The fact that vascular abnormalities are common in COVID-19 raises the question of whether some therapies that can improve the function of the vasculature may help control the disease. There are important gender differences in COVID-19, with men having a higher risk of developing severe disease and death compared with women (32). Although there is no evidence of androgen excess in COVID-19, TMPRSS2, an androgen-responsive serine protease, is more abundant in males in some tissues (9, 33), potentially contributing to the observed increased risk for disease severity in men. The involvement of TMPRSS2 and furin in the activity of the virus has also led to the hypothesis that inhibition of these proteases might block virus infection and inhibit systemic dissemination (e.g., NCT04353284 and NCT04583592 are testing the TMPRSS2 inhibitor, camostat mesylate, in patients with COVID-19). In addition to direct inhibition of these proteases, multiple androgen deprivation therapies (ADT) are being tested in COVID-19 clinical trials, including the androgen receptor blockers, bicalutamide (NCT04509999 and NCT04374279) and proxalutamide (NCT04446429), and the GnRH antagonist, degarelix (NCT0439771).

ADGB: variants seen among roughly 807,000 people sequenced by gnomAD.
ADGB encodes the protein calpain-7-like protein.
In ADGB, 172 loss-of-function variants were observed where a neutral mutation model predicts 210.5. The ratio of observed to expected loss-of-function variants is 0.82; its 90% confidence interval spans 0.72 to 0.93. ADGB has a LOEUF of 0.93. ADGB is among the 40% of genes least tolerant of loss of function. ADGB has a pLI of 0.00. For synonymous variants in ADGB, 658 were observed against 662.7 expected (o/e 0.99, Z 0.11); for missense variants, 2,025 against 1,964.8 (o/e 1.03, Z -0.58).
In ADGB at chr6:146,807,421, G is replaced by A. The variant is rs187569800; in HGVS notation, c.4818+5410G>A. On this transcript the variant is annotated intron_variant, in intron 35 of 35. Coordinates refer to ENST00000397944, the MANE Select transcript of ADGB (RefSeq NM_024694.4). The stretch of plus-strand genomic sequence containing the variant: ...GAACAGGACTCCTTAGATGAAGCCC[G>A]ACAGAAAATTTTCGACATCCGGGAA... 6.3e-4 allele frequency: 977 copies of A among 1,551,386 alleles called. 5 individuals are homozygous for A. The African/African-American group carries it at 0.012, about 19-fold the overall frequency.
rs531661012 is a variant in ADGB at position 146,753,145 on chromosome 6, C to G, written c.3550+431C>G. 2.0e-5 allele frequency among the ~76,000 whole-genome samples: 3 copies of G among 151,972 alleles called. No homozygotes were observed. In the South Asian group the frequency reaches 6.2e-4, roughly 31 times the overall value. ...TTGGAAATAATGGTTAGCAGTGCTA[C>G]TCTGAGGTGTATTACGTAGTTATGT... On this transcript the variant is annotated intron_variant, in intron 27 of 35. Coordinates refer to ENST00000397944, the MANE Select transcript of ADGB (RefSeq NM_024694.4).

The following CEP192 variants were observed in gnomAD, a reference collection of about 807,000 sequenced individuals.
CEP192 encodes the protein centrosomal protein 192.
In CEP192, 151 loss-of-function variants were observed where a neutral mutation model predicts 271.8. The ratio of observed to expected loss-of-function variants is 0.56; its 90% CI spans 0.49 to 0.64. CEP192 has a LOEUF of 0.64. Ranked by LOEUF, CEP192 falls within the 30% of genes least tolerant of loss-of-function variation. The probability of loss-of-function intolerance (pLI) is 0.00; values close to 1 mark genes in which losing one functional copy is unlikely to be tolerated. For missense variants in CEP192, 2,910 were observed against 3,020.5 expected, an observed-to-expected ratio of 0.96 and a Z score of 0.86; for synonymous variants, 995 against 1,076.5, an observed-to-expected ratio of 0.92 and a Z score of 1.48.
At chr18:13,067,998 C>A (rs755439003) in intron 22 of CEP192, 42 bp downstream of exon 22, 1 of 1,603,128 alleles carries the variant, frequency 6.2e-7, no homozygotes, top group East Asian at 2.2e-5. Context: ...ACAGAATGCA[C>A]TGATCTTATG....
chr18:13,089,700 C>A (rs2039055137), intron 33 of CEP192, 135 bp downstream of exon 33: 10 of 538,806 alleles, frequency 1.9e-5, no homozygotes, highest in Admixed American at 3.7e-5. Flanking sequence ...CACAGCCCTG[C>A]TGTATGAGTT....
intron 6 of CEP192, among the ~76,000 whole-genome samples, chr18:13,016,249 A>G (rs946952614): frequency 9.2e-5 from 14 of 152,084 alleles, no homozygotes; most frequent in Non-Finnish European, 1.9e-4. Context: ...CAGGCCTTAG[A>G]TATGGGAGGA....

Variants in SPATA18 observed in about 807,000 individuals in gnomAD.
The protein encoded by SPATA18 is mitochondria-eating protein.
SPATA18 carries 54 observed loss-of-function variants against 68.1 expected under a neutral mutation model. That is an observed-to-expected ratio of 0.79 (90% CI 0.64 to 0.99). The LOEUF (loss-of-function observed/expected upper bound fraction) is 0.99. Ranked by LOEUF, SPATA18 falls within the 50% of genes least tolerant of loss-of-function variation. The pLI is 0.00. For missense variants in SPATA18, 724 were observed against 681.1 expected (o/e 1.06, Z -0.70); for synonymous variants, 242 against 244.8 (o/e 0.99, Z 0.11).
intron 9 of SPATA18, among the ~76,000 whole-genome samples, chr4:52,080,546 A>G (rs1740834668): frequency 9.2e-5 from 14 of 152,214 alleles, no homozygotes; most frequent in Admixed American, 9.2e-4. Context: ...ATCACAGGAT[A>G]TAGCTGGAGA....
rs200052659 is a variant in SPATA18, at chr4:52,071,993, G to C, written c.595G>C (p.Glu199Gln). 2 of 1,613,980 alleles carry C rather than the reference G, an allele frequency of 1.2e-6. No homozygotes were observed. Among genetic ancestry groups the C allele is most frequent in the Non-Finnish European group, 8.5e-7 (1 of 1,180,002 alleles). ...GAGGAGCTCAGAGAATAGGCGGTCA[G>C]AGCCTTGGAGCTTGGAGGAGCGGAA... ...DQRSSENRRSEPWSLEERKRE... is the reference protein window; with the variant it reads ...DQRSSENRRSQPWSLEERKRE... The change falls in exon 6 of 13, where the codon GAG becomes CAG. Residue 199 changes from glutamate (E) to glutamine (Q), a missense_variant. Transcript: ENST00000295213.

Interestingly, androgen withdrawal also has beneficial effects on vasculature. We have shown that castration-induced androgen withdrawal in androgen-dependent tumors (e.g., prostate cancer) can potentiate vascular normalization by suppressing the effects of androgen-dependent expression of VEGF (34).
These indirect effects of androgen deprivation on vasculature are similar to those observed when VEGF is inhibited directly. We have shown in preclinical and clinical studies that blockade of VEGF and/or other proangiogenic factors (e.g., angiopoietin-2) can transiently normalize vessels, fortifying the tumor vessel wall and reducing vascular permeability (20, 35). This, in turn, restores the functionality of the tumor vessels, increasing delivery of oxygen, drugs, and immune cells to the tumor tissue. Better vascular function improves treatment outcomes for not only multiple malignant diseases, but also for many nonmalignant diseases characterized by abnormal blood vessels (e.g., macular degeneration, schwannomas, and tuberculosis; ref. 19). Interestingly, angiopoietin-2 levels predict severity of ARDS (36), and targeting of angiopoetin-2 by mAbs improved survival in animal models of ARDS (37).